The number of student nurses and midwives in Scotland entering government-funded degree programmes is to increase for the first time in four years.
Health Secretary Alex Neil said NHS planning projections show that training more people in nursing and midwifery will benefit the health service’s workforce in the coming years.
Student intake for 2013/14 will be 2,530, a 4% rise on the 2012/13 figure of 2,430, with the number of trainee midwives going up by 40%, from 100 to 140.
It is the first time the intake has increased since 2009, the Scottish government said.
Mr Neil said: “Student intake numbers are set on an annual basis to ensure the number of students is in line with emerging employment trends in NHS Scotland and the wider healthcare sector.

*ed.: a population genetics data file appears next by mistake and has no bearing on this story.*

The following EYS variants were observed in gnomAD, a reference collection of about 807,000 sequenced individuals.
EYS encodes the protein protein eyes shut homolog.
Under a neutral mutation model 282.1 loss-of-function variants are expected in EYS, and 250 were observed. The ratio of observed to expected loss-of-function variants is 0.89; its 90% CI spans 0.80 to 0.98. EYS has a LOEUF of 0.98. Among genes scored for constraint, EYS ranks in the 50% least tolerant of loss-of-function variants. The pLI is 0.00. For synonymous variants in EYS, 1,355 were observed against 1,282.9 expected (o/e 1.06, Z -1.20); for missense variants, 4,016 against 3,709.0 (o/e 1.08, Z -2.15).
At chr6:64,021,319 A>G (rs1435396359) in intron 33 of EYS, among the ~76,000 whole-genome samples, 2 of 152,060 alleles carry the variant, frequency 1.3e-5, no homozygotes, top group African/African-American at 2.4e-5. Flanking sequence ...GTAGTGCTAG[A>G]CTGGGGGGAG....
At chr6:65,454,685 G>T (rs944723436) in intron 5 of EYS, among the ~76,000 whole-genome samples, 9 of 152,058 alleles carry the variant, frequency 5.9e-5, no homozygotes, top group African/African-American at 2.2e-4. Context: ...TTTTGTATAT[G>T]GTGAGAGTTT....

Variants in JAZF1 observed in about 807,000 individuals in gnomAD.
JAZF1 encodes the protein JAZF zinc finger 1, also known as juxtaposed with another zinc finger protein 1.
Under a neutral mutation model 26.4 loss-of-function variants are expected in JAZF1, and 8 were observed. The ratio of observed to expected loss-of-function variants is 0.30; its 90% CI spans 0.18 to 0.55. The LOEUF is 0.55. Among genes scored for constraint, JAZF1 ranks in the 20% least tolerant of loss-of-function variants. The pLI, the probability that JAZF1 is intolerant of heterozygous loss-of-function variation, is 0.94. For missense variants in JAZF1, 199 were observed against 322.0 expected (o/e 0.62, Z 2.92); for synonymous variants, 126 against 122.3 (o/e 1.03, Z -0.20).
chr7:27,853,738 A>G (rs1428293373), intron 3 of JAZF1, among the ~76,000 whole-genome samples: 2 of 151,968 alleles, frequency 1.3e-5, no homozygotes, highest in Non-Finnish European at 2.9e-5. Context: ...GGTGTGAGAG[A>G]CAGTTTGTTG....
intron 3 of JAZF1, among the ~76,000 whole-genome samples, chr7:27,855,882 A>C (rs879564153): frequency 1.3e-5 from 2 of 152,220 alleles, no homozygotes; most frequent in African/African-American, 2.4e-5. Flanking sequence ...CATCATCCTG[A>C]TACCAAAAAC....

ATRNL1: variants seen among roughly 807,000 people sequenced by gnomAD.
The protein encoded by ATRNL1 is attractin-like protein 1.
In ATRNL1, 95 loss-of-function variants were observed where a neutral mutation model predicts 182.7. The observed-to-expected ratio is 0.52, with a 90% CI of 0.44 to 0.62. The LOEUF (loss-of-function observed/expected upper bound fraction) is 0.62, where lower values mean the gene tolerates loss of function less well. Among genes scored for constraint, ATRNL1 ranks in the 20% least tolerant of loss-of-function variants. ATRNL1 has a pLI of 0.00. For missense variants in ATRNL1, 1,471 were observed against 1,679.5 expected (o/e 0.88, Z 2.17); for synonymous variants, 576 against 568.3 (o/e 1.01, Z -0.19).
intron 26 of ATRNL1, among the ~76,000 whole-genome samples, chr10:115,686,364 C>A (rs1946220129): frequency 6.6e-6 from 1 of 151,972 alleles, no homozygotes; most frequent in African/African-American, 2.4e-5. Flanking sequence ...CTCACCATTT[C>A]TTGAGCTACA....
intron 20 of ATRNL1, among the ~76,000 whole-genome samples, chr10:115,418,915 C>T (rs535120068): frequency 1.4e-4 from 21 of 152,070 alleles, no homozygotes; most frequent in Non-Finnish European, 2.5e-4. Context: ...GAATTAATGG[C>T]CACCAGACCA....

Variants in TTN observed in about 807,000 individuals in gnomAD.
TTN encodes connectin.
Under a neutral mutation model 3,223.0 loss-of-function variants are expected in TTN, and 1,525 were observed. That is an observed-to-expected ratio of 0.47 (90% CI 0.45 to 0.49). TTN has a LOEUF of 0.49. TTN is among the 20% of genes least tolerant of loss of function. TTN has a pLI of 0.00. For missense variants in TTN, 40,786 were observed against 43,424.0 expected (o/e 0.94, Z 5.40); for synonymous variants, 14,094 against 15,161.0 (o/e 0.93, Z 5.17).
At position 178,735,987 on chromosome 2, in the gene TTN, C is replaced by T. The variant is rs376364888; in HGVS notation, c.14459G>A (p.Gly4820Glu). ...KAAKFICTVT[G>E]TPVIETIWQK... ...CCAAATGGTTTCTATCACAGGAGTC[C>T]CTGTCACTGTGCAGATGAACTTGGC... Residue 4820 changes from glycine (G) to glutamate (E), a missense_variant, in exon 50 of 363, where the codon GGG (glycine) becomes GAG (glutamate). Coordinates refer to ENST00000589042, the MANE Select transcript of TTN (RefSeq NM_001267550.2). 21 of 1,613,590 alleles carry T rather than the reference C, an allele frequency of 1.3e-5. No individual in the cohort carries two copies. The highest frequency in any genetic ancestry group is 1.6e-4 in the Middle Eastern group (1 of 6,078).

“This year, using information from NHS board workforce planning projections and evidence from Scotland’s groundbreaking nursing and midwifery workload and workforce planning tools, the evidence showed that training more nurses and midwives would benefit the NHS workforce across Scotland in future years.
“This intake sets a balance between ensuring the right number of nurses and midwives for the future while also minimising the risk of oversupply and graduate unemployment.”
Gillian Smith, director of the RCM Scotland, said: “We are delighted that the Cabinet Secretary has announced an increase in the places for student midwife training from an annual number of 100 to 140.
“I have been lobbying for this for some time because many midwives in Scotland are near to retirement and we need to ensure that there are enough midwives coming in at the other end to replace them.
“We must plan ahead to ensure we have the right number of midwives in the system to provide women with the high level of care that we have come to expect in Scotland.”
Matt McLaughlin, Unison lead organiser for nursing, said: “Essential to the delivery of that objective is a steady flow and invest in our student nurse recruits.”